Superchargers contain roller and needle bearings that rotate over 10,000 rpm. They are belt driven by the engine's crankshaft. The vehicle's exhaust drives a turbocharger. This is why so many consider a turbocharger a free source of boost. A supercharger that takes a little power from the engine to create an additional boost. It's a great deal because they increase horsepower by ~20 %. A supercharger can make a 300 hp engine produce 360 hp.
Most superchargers are roots-type, positive displacement pump. They contain a pair of two or three-lobed vanes that turn as the engine turns. As the vehicle is accelerated, they turn in opposite directions of each other. This turning motion pulls air from its inlet and forces it into the engine's cylinders. Heat is created by the air squeezing through the tight gap in the vane lobes. An intercooler cools this pressurized air before entering the cylinders. This cooled charge increases the engine's performance and horsepower.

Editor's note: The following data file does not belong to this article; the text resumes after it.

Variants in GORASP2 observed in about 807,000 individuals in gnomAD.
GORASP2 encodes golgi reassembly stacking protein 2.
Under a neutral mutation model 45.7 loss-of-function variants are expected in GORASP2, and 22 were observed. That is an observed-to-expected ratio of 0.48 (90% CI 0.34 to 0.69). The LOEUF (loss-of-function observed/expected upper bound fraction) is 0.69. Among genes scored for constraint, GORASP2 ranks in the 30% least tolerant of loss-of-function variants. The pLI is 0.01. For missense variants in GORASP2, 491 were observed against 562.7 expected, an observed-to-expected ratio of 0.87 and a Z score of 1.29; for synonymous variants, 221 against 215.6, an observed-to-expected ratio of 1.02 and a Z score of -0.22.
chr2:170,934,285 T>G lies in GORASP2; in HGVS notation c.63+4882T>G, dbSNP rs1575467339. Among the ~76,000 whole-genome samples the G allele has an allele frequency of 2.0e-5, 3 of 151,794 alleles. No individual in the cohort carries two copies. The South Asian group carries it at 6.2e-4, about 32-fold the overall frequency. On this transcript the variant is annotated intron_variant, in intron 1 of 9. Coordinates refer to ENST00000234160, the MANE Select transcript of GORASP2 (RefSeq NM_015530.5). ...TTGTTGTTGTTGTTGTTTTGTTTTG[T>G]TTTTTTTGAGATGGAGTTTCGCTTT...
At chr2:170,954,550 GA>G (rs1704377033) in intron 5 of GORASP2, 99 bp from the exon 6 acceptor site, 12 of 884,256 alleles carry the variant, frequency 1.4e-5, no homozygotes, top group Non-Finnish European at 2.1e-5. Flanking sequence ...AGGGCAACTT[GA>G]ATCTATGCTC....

On many superchargers, changing the size of the pulley changes the speed at which the blades turn. The front bearings contain an opening and a removable dipstick or plug to check and service the special high-speed lubricant. Depriving a bearing of its necessary lubricant results in damage and a noisy squeal.
Instead of the crankshaft, a computer-controlled electric motor drives many of today's OEM superchargers. These superchargers are very precise; engine computers operate valves and adjust boost. It may turn the boost on and off as required. These superchargers are far more efficient than standard superchargers that operate under all conditions.